The Ottawa Herald from Ottawa, Kansas on May 4, 1963 · Page 6
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The Ottawa Herald from Ottawa, Kansas · Page 6

Ottawa, Kansas
Issue Date:
Saturday, May 4, 1963
Page 6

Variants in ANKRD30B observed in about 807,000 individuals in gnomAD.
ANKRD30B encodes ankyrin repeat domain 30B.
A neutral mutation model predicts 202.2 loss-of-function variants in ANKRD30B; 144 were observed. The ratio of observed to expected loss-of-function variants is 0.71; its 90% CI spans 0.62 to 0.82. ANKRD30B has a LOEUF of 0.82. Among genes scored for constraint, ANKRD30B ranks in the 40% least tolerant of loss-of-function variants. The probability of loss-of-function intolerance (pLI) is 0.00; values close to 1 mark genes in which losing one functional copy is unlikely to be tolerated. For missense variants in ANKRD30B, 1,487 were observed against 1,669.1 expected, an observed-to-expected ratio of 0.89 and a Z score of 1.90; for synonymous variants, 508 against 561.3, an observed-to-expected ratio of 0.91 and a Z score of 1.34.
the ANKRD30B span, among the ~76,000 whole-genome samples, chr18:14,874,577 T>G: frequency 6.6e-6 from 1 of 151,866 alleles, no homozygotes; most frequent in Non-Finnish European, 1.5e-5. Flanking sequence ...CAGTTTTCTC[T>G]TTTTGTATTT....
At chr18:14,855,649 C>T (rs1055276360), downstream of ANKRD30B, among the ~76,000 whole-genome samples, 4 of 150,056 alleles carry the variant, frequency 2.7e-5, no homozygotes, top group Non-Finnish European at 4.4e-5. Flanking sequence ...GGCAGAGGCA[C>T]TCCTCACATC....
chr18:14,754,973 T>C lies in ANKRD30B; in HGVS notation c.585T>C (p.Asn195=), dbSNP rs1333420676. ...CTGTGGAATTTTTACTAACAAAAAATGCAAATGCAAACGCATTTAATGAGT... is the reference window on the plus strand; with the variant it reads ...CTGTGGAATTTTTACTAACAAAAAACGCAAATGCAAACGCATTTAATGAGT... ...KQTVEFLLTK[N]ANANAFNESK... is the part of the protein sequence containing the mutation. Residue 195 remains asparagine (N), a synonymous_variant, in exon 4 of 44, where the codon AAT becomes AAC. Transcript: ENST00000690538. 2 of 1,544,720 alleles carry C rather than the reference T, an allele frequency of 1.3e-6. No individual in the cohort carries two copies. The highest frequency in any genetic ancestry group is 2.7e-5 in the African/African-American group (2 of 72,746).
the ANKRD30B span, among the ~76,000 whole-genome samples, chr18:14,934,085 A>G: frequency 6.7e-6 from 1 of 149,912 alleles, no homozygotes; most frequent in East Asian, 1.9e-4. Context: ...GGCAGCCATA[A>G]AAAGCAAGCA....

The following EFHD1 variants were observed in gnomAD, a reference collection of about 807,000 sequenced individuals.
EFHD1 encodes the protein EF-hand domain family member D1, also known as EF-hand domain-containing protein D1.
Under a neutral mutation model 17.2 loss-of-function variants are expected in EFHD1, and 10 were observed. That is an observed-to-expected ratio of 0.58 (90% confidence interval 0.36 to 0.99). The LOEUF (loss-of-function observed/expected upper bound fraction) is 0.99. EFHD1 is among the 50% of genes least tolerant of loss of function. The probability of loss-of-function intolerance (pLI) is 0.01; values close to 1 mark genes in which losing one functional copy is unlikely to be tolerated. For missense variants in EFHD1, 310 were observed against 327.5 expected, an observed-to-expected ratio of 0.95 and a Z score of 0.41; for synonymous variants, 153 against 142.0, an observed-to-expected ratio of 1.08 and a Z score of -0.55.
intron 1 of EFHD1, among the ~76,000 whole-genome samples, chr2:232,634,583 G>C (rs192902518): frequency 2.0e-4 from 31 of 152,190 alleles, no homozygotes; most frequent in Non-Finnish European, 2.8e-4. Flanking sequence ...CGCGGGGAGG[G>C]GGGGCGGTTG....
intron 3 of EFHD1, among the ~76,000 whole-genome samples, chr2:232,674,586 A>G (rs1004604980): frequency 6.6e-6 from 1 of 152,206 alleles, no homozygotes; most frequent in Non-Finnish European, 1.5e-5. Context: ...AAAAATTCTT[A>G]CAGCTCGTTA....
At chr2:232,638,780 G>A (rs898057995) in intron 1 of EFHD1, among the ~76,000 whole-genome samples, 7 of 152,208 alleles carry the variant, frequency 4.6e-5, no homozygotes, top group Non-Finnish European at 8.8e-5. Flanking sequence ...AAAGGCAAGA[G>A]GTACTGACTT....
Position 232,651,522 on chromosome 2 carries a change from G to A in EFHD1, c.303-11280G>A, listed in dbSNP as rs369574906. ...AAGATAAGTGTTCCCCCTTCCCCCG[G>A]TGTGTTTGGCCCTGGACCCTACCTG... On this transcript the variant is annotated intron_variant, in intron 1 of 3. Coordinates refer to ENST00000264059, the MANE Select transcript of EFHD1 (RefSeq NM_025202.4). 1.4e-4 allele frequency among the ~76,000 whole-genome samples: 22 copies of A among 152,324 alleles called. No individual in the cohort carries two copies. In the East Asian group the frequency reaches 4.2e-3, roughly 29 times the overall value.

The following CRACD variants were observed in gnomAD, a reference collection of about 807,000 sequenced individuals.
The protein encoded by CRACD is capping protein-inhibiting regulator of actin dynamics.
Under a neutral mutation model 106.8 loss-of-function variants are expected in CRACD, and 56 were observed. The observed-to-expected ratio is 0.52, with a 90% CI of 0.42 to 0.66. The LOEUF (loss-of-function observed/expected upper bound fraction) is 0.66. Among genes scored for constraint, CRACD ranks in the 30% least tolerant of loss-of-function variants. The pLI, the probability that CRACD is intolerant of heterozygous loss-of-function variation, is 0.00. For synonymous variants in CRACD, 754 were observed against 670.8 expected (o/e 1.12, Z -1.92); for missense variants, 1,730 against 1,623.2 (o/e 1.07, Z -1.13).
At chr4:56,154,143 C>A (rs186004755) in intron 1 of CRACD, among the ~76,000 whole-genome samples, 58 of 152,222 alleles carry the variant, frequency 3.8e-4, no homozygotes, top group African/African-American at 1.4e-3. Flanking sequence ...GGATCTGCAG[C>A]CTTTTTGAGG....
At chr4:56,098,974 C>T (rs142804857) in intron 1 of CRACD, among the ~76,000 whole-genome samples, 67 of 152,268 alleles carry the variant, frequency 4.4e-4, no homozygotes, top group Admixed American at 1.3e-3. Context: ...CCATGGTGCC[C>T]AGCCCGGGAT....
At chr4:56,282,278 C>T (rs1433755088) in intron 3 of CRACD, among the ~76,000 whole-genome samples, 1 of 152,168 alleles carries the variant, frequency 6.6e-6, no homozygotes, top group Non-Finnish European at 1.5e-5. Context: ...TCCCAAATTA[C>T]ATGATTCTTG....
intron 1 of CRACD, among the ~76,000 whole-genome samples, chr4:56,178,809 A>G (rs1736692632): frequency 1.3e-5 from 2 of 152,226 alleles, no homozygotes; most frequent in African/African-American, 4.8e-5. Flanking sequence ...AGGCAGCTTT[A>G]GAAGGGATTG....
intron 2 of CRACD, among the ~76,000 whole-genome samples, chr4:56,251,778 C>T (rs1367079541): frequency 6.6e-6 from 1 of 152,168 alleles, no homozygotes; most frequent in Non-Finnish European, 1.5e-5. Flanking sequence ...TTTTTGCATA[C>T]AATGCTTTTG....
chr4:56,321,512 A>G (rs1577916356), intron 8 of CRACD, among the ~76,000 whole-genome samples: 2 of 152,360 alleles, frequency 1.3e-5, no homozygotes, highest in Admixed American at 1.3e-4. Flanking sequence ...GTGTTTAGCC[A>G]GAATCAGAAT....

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THE OTTAWA HERALD Saturday, May 4, 1083 News Miss Marguerite Davenport, 420 Ash, is in KU Medical Center for treatment. She is in Room No. 225. Mrs. Charles Avcrill, Boynton Beach, Fla., formerly of Ottawa, is reported to be seriously ill in a hospital at Boynion Beach. Retired Civil Service employees will install officers following a noon dinner at Colhcrn's Tuesday, May 7, The meal will be at noon. During the meeting Ray Howcll and Albert J. Hashagcn will give reports on the state federation meeting which they attended at Pillsburg May 2-4. Howcll was elected stale second vicc-prcsi dent. Sunday at the Coffc Shop. Smorgasbord—Prime Rib—Turkey —Fresh. Ham—linked Halibut— —Fried Chicken Jl.fiO—All you can cat, drink & desert included. Adv. John Maxwell, Kansas City, Mo. posted $30 at police headquarter. 1 yesterday after he was cited for driving with illegal mufflers and for, illegal registration. Leon Allen, Ardmore, Okla., has been cited by the police for being drunk in public. Ellis Piano Tuning. Phone CH 2-4431. Adv Raymond Adalr, pleased not guilty to charges of issuing $20 and $25 insufficient fund checks Adair was arraigned in county court. His bond was set for $400 and his trial was set for May 13 Ottawa Garden Club members will have a plant exchange following the meeting Monday evening in- First Methodist Church. The program will be color slides by Mrs. Elliott Barnes. A politick supper will be served at 0:30 p.m. People-to-Peoplc meeting. Youth Center, 7:30 May fl. Adv Mrs. Orville Jones, 728 S. Poplar, is in St. Luke's Hospital, Kan sas City for observation and tests She is in Room No. 327. Bill Keating, DuPonl painl dis trict manager, and Don McDon aid, DuPont district salesman conducted a paint clinic at the Nel son Hotel Thursday evening, sponsored by Johnson-Goldon Auto Parts, Inc., 124 W. 2nd. Caleb Adams, district salesman, showed displays. Refreshments served to those attending. were Funerals ARTHUR A. SMITH Services for Arthur A. Smith, •who died May 1, were at Towner Chapel May 3. Rev. Jack Dennison officiated. Pallbearers were Will Boyd, Jeff Finch, Rdbert ''Porter, John Bedgood, Cephas Smith and Orvel E. Brown. Mrs. Ervin Happy sang hymns accomp- * anied by Mrs. J. M. Kilgore. ; Burial was in Highland Cemetery. Hospital Notes Admissions Gordon Benitz, 930 S. Cedar; Mrs. Minnie Bergendahl, 126 S. Locust; Bernard McLinden, 119 E, 8th; Mrs. Cliff Harverty, RFD 3, Friday. Mrs. Lola Hudson, 420 S. Hickory; Donald Godfrey, Rich- mQnd; Patricia Collins, 841 S. Cherry; Carl Taylor, RFD 2, Wil- kliatnsburg, Saturday. •*i Dismissals Mrs. Forrest Nicewander, 1128 N. Cherry, Friday. Mrs. Lee Allen Gregg and baby daughter, 528 S, Oak; Terry Shoemaker, RFD 4; Michael LaNier, RFD 4; Leland Monroe, 1637 S. Main; Saturday. Plane Lost In Air Collision MOUNTAIN HOME AIR FORCE, RASE, Idaho (AP) - Two Air! Force planes collided while refueling in midair near West Yellowstone, Mont., Friday night. ( One landed safely, but the other was presumed to have crashed. A search for the missing plane B47 bomber, began this morn ing in the snow-covered mountain country near the Idaho-Wyoming border. The other plane, a KC13! lankcr, landed safely here. Al five crewmen aboard were un hurt. An Air Force spocskamn said Ihc plane suffered only wing damage 1 . The spokesman said four men were aboard the missing bomber which was stationed at this south western Idaho base. The Fremont County sheriff: office in St. Anthony, Idaho, abou fifl miles southwest of West Yellow stone, reported the bomber wa belivcd down near the Idaho Wyoming border, about 30 mile cost of St. Anthony. The rugged terrain and up I 00 inches of snow at higher elc vations, plus low-hanging thunder clouds, hampered curly efforts I locale the plane. Oldtimer Plans Long Rah Voyage PORT NEWARK, N..T. (AP) William Willis of Now York, mariner of 70 with the ndvcntur ous spirit of a 17-year-old, ha taken ship here in preparation fo a 10,000-mile solo rafl voyage. Willis left Friday aboard th S.S. Snntu Margarita with his nil "Ago Unlimited," which he plan lo sail across the Pacific fron Cnllnn, Pcm, (o Australia . In 1054 Willis sailed 7,000 mile on n raft from Collao lo the islnnt of Samoa. That raft was of wow' His present one, 32 by 20 feet i size, is steel. "We'll be under way by (lie firs week in June and we should b in Australia by September," h said before embarking. "We" includes a cat and do, for company. All In Favor Say Bow-Boiv TALLAHASSEE, Fla. (AP) "Woof," snid the senator, anc roll cull wus completed. The unusual "aye" was Sen Harry Strnllon's sanction of t £05,000 appropriation for cradica ion of dogflios, included in the Senate's billion-dollar spending jill. One senator diplomatically suggested the state "get rid of .he dogs and lei the flies make out for themselves," Cite Driver In Collision Cars driven by William P. Wheeler, 635 S. 'Locust, and Mrs. W. P. Shepard, 535 Willow Lane, collided about 5:30 yesterday af- lernoon at the 3rd-Locust inlerscc- :ion. Wheeler was going north on Locust and Mrs. Shepard was headed east on Third Street prior to the accident. A headlight rim, bumper, bumper guard and splash pan were damaged on Wheelers car. The tood, right front fender and bump er of the other car were damaged Mrs. Shepard was cited for fail ng to yield the right of way. <<•) Klnjt Ifaluict Syndiralr, Inc. I'XSJ. WnrU rfcbu aitrvtJ. 430 *l iWMJerstand Jus wife was voted one of the Ten Best-Pressed Women of the Year." NEW BUSINESS IN OTTAWA - Mayor Charles Williamson cuts ribbon marking grand opening of new Acme Quality Painl store in Ottawa at 4th-Main. Pictured are (from left) Jim Pike, Acme district manager; Jim Grogan, Ottawa commissioner of streets and public utilities; Mrs. Kelly Lloyd, Mayor Williamson and Kelly Lloyd, manager of the new store. (Herald Photo) Home Economics Agent In Special Study Group Rosemary Crist, Franklin County home economic agent, is one ol\ 13 members of the Kansas extension service chosen to lake purl in special study nexl week of the 4-II Club programs and organisa- tions in Michigan and Ohio. Miss Crist is the only home economic ngent in Ihc delegation. Seven members of the stale staff in Manhattan and five other county agricultural and 4-H agents comprise the study group. Miss Crist said Ihe Kansas group will leave Manhattan by plane Monday und begin the study in Lansing, Mich. She said the 13 Kansans will concentrate mainly on 4-II in highly populated areas and the programs and successfulness of membership increases in such areas. She said the study was not just ccnlcrcd around urban areas, but also in highly-populated rural areas. Michigan and Ohio are two stales that have had highly successful membership increases and well-coordinalcd youth programs to match growth qf 4-H clubs, After arriving in Lansing and spending a day there, the Kansans will visit other Michigan cities and counties. Before returning lo Kansas Ihc delegation will spend one day in Cleveland, Ohio, studying 4-H programs and membership increases in that state. Besides the study of individual clubs, Miss Crist said the group will discuss 4-H in general with the stale exlension staffs in both states in order to get new suggestions and offer any ideas that might be helpful to Ihe host staff in each slale. Miss Crist, who was picked by the Kansas Exlension Service to participate in the special study said that although! Kansas has an excellent 4-H program on Ihe slate and county level, Ihe slale ha nol had a great rise in membership as many states have had. The study group hopes lo come back with fresh ideas on increasing the Kansas 4-H membership and with new ideas that will fit the Kansas program and make il a bctlcr organizalion for all 4-H Club members. After returning the delegation will share what they have learn ed with extension agents through out the state. The special study is being fin anccd by a grant from the Sears- Roebuck Foundation with no funds contributed by the state. School Problem In Missouri With Parochial Pupil Shift JEFFERSON CITY (AP)-The lime-worn issue of separation of state and church is rapidly becoming red-hot in Missouri. Roman Catholic parents are taking their children out of parochial schools and enrolling them in public schools. The move started suddenly. Without prior notice, 75 parochial jupils moved into the seven-room, 150-pupil public school at Center- .own Thursday. Friday, 100 descended on the two-room Osage 3end school, and 85 at Vienna. From hundreds, tho stream of lupils may swell into Ihe thousands. The litlle Osage Bend school may get another 150 pup- Is Monday. In Jefferson City, latholic parents are aiming at ransferring 1,500. In the SI. Louis area, parents are planning lo close parochial ichools nexl fall and turn thousands of children into the public school system. Money. Thai's Ihe one-word reason for Ihe shift. "We can't afford to keep on 'oting bond issues for public schools and paying parochial Union, loo," said Garland Noonan af Pacific, Mo., a leader in the nove. The Catholics had hoped for some relief through the Missouri .cgislaturc, pushing a bill that vould allow parochial and private chool children to ride on public chool buses. A House Committee killed the lill Tuesday, citing Missouri's !onstitution, which says: "No money shall ever be taken rom the public treasury, directly )r indirectly, in aid of any church, ect or denomination of any reli- ion, or in aid of any priest, reacher, minister or teacher Hereof..." The death of the bill, which has net the same fate in many pre- The Herald pays $5 every week or the best news tip turned in ty a reader. riiiting What do you need? Call CH 2-4824 MulU* printing vious sessions, touched off the "revolution/ 1 So far, the Catholic clergy has had nothing to do with it. The Very Rev. Monsignor James T. Curtin, superintendent of St. Louis archdioccsan schools, said: "We must regard this as a private action of individuals." "The way this is snowballing," said Noonan, "the cardinal himself couldn't stop it," A state Protestant leader decried the action, saying: "This emotional pressure action is something very dangerous." Dr. Stanley 1. Stuber, executive director of the Missouri Council of Churches, an organization of 14 Protestant cl e n o m inalions with 700,000 members, added: "If Catholic parents want to create better relations between their church and the rest of the community, let them accept fully and gladly the school laws of the stale on a creative, honest basis." Public school officals have made a brave start on handling the sudden influx of pupils. They have to. The state constitution says every child must have a chance to get an education. Make-shift classrooms are being found in school basements, cafeterias, auditoriums, churches — and officials are looking for buildings they can lease. There are only a few weeks left in this term, but what about next fall? Deaths MRS. FLORENCE T. BRUCE Mrs. Florence T. Bruce, 74, 212 5. Cedar, longtime Franklin County resident, died Friday night at 10:45 at Ransom Memorial Hospital after a 10-day illness. She entered the hospital Thursday. Mrs. Bruce was born June 16, 1888, at Pomona, and had lived in Ottawa for 59 years following her marriage to Harve Bruce, April 6, 1904. Mr. Bruce died April 15, 1931. Mrs. Bruce was a member of the Methodist Church. Surviving are four daughters, Mrs. Althea Simmins, Amarillo, Tex.; Mrs. Marjoria Laughlin, Richmond, Calif.; Mi's. Virginia Keen, Omaha, Neb., and Mrs. June Oliver, Colorado Springs, Colo.; one son, Alvin Bruce, Topeka, and three sisters, Mrs. Lola Hudson and Mrs. Goldie Langdon, Ottawa, and Mrs. Tola Hudson, Kansas City. Funeral arrangements will be announced by Dengel and Son Mortuary. Blanche Lamb-Bob Roberta Lamb Funeral Home Local Markets Wheat $2.07 Soybeans ....•• $2.38 Ear corn 1.09 Shelled corn 1.14 Milo 1.78 Barley 1.10 Oats si Rye 1.00 Butterfat 47, .42 KC Markets KANSAS CITY (AP) — Cattle- Compared with last week's close; slaughter steers to 25 lower; hie* ITS and calves steady; vealers steady to weak; feeders steady to strong; good and choice steers 30.50-33.05; good to choice heifers 2(1.00 - 33.50; good and choice slaughter calves 30.00-34.00; good and choice vealers 33.00 - 39.00; good to fancy feeders 31.00-39.00. Sheep: Slaughter lambs to 50 higher; ewes 1.00-3.00 lower; good to prime lambs 18.50-33.35; cull to good ewes 3.50-7.00; good to choice feeder lambs 14.00-17.00. Hogs: Barrows and gilts 35-50 higher; sows steady to 35 lower; barrows and gilts 1-3 180-350 Ib 13.50-14.35; SOWS 1-3 375 - 400 Ib 13.35-75; 2-3 400-800 Ib 11.50-13.35. Nicklaus 5 Strokes Out Front By BOB MYERS Associated Press Sports Writer LAS VAGAS, Nev. (AP) - Na tional Open champion Jack Nick laus led the way info the thirc round of the $60,000 Tournamen of Champions desert golf classi Saturday with a lead of 5 or mor strokes over his 26 rivals. The political analysts would cal this a definite trend. But, with two more rounds t go, the opposition refused to con cede. Possibly the chief nonconceder would be Arnold Palmer, the nearest threat to young Nicklaus who said: "I feel I am playing good enough to win, but I haven' had any luck at all with my pulling." The picture, as play resumec at the par 36-36—72 Desert Inn Country Club: Nicklaus, 64-68— 132; Palmer, 66-71-137; Bill Cas per Jr., 70-69—139. Eight or more strokes back were such tournament winners o the past year—which qualified them for this everr-as Jerrj Barber, 140; Tony Lema, 141 Doug Sanders, 142; and Gary Player, 146. The Nicklus power and sho control seemed to be the explana lion for his healthy advantage. There are four par-5 holes, Jack has blistered them for 7 birdies and 1 eagle, which means that o his 12 strokes under par, 9 o; them have come from these demanding holes. Palmer is 5 strokes under par on these same par 5 holes. Learns Safety The Hard Way */ KANSAS CITY (AP)-Lt. Gov Hilary Bush of Missouri ad dressed the Central States Safety Conference Friday with the middle finger of his right hand in a cast "I would recommend," he said, 'that next year's program be devoted to prevention of sticking tends into power mowers." Order early for Best Memorial Day Selection Open Evenings and Sunday Afternoon STEWART MEMORIALS Across from south water tower 118 W. 15th CH 2-3325 MARTIN (formerly Elliott's) Wholesale Electrical Supplies NEW LOCATION 117 E. 2nd CH 2-2705 Anything that is worth borrowing or using, is worth owning -- Invest today in the World Book. Alden Cearfoss Pomona For forsf Results .READandUSE HE WANT ADS GUIARIY! CH 2-4700 He Found Out What's Going On NEW YORK (AP)-It was not just another holdup. There were some things missing that took it out of the ordinary. Two robbers got $3,000 Friday from the Zenobia Co., pistachio nut importers, with offices in lower Manhattan. But the thieves did more than strip the till. When the owner, John Germack, 62, returned from lunch, he found six office employes, including three young women, standing there in the all-together. "What the hell is going on here?" Germack asked. He found out quickly enough. The gunmen made him doff his duds, too, before fleeing with the firm's payroll. Bluth Rolls 1525 In Six Lines NORTH BRUNSWICK, N. J. (AP) — Ray Bluth of St. Louis rolled a sensational 1,525 six- game series Friday to lead 16 qualifiers into today's final competition of the Professional Bowlers . Association's New Jersey Open Tournament. A spokesman for the PBA said Bluth's lotal was a world record for a six-game series, breaking- the mark of 1,508 set by John Bomba of Bayonne, N.J., on Jan. 8, 1950. Bluth's six games were 245, 238, 228, 208, 268 and 278 for a 254 average. His over-all total of 5,465 gave him a lead of 114 pins over runner-up Billy Hardwick of San Mateo, Calif., who knocked down 5,351. Hardwick held a 10-pin lead over Ed Bourdase of Fresno Calif. Legate to exhibit their demand! against ths *a!d estate within nine months from thp date of the first publication of this notice as provided by law, and II their demands are not thus exhibited they shall be forever barred. Dorothy M. Baker, Executor of the will of Mabel F. Holmes, Deceased. Donald L. White, Attorney for Executor (First Published May 4, 1083) (Last Published May 18. 1163) State of Kansas, Franklin County, i.» Tn the Probate Court of said County and State In the Matter of the Estate of Arthur O. Wheeler, deceased. NOTICE OF APPOINTMENT The State of Kansas to the creditors, heirs, beneficiary and all others who may be concerned In the Estate of Arthur O. Wheeler, deceased: You are hereby notified that Henry W. Collins was appointed on May 1, 1X63, and qualified as administrator c.t.a. of the Estate of Arthur O. Wheeler, deceased; that all creditors must exhibit their demands against said Estate within nine months from the date of the first publication of this notice, as provided by law; and that if their demands are not thus exhibited they shall be forever barred. Dated at Ottawa, Franklin County, Kansas, this let day of May, 1B63. Henry W. Collins Administrator c.t.a. Wlnton A. Winter, Attorney for Administrator c.t.a. 31 Perish In Plane Crash SAO PAULO, Brazil (AP) - Officials counted 31 d.ead today in the crash of a Brazilian airliner that plowed into heavily built up area but miraculousy hit only an unoccupied apartment building. At least 20,000 persons rushed to the scene, seriously hampering rescue efforts. Several were reported killed when a fire truck slammed into part of the crowd. Despite the throng, 17 persons were snatched alive from the blazing wreckage and rushed to local hospitals. One person was missing from the 44 passengers and five crewmen aboard the two- engined Convair. The plane plunged to earth shortly after takeoff Friday night. Witness said the plan, belong- ng to Cruzeiro do Sul, caught fire, exploded in the air and plunged to earth. Legate fFlrst Published April 20, 1963) (Last Published May 4, 1963) In The Probate Court of franklin County, Kansas :n the Matter of the Estate of Vfabel F. Holmes, Deceased Case No. 10-995 NOTICK OF APPOINTMENT OF EXECUTOR To the Creditors, heirs, devisees, and legatees, of Mabel F. Holmes, De ceased, and all others concerned: You and each of you will take no tlce that on the 13th day of April 1963, Dorothy M. Baker, was appolntei executor of the will of Mabel F. Hoi mcs. deceased, and duly qualified as such executor and letters testamentory were Issued to her on April 13th, 1963 >y the probate court of Franklin Coun y, Kansas. All parties interested In said estate will take notice and govern themselves accordingly. All creditors are notified (First Pub'l.shed, May 4, 1963) (Last Published, May 18, 1963) State of Kansas, Franklin County, ss. In the Probate Court of said County and State. In the Matter of the Estate of Lloyd Albert Schweitzer, deceased, NOTICE OF HEARING The State of Kansas to all persons concerned: You are hereby notified that a petition has been filed In said Court by Agnes Chastinc Schweitzer, who is named as sole beneficiary in the decedent's Last Will and Testament, bear- Ing date of September 6, 1961, which is filed with said petition, praying for the admission of said Will to probate and for the issuance of Letters Testamentary to Alma Schweitzer, and you are hereby required to file your written defenses thereto on or before the 27th day of May, 1963, at 10:00 o'clock a.m. of said day in said Court, In the City of Ottawa, in said county and state, at which time and place said cause will be heard. Should you fail therein, judgment and decree will be entered In due course upon said petition. Agnes Chastine Schweitzer, Petitioner. Winton A. Winter, Attorney WanTAds Phone CH 2-4700 Save 10% -PayCash 10 per cent Discount or/ Local ads paid by 5 p.m. following day. CLASSIFIED DEADLINE 5 p.m. Day Before Publication — 5 line Ads accepted up to 9:30 a.m. day of publication WANT AD PEE WORD RATES 1 insertion per word 6c 3 insertions per word 15c 6 insertions per word 24c 12 insertions per word 45c 26 insertions per word 90c Cash minimum 48c Card of Thanks 4c per word — 70c min. Local 14c per Una (subject to Frequency Discounts) Blind Ads — SOc extra National 14c per line (Not subject to Frequency Discounts) 1 inch Lodge Notices Special Discount Contract Rates Available set with emblem $1.00 2 insertions no change .. $1 50 Out of trade territory, 6c per word per insertion, no discount. Card of Thanks I wish to thank the nurses, Dr. C. W. Henning and Dr. Wallen for their kindness and care and my relatives and friends for the cards, flowers and visits during my stay in Ransom Memorial Hospital. — Frank Craven. Notices BRUCE — Funeral Services for Mrs, Florence T, Bruce, life long resident of Franklin County, who passed away late last night, are pending and will be announced. Ph. CH 2-2323 Retta Conclave No. 8 Order of True Kindred. Regular stated meeting, Monday, May 6th at 8:00 p.m. Social hour. Clara Finch-W.C. Marie Raffelock—Secy. Personals _ WANTED: Ride to K. C., Mo. Call CH 2-1979 after 8:30 p.m. SALE DATES Myers Bros. Phone Centropolis Claude— 918 Howard-46. Ottawa RFD 4. franklin Count? Bale Oompanv Saturday. North Ottawa Sn ?J 3 - Mrs. Kollle New Farm Mc taery & Household Gonrt - At ° h ' ns °n Est. Household Goods Sale Prlncton Kansas 1, P.M. Jack Nelson Phone 566-3530, Pomona, Kas Overbroo* Uvestoc* Sale, Overbrook. Kansas Brery Wednesday ^ every Friday _ A \, fD county UT«- itoc» *j«Hofl o». cit» Kansa" NATE AND LEONA GIBBONS Melvern 549.3573 Sales'*' 6 ' ° D farm and household Harold Stewart Phone CH 2-4836 May 7 - Night Consignment e s l E«t h Kansas ll L *w«nce. i» w -State Highway Commission B1 "B- «"J Equip. 1:30 p.m. 10 m8S Print) and Son Ben Printy "Cap" CH' 2-1974 CH 2-1201 community MCUOO tvery «ae»a»» olght 7 p.w.. 1138 fj. uSJn. " > ** a ** Community' sale every TbuvdM nljht ij* N u»lp * ™»TM»J May 18 — Ottawa Transfer and Storage Co., 30J Walnut St.. Ottawa «tora«i auction 1 ' w " aw »-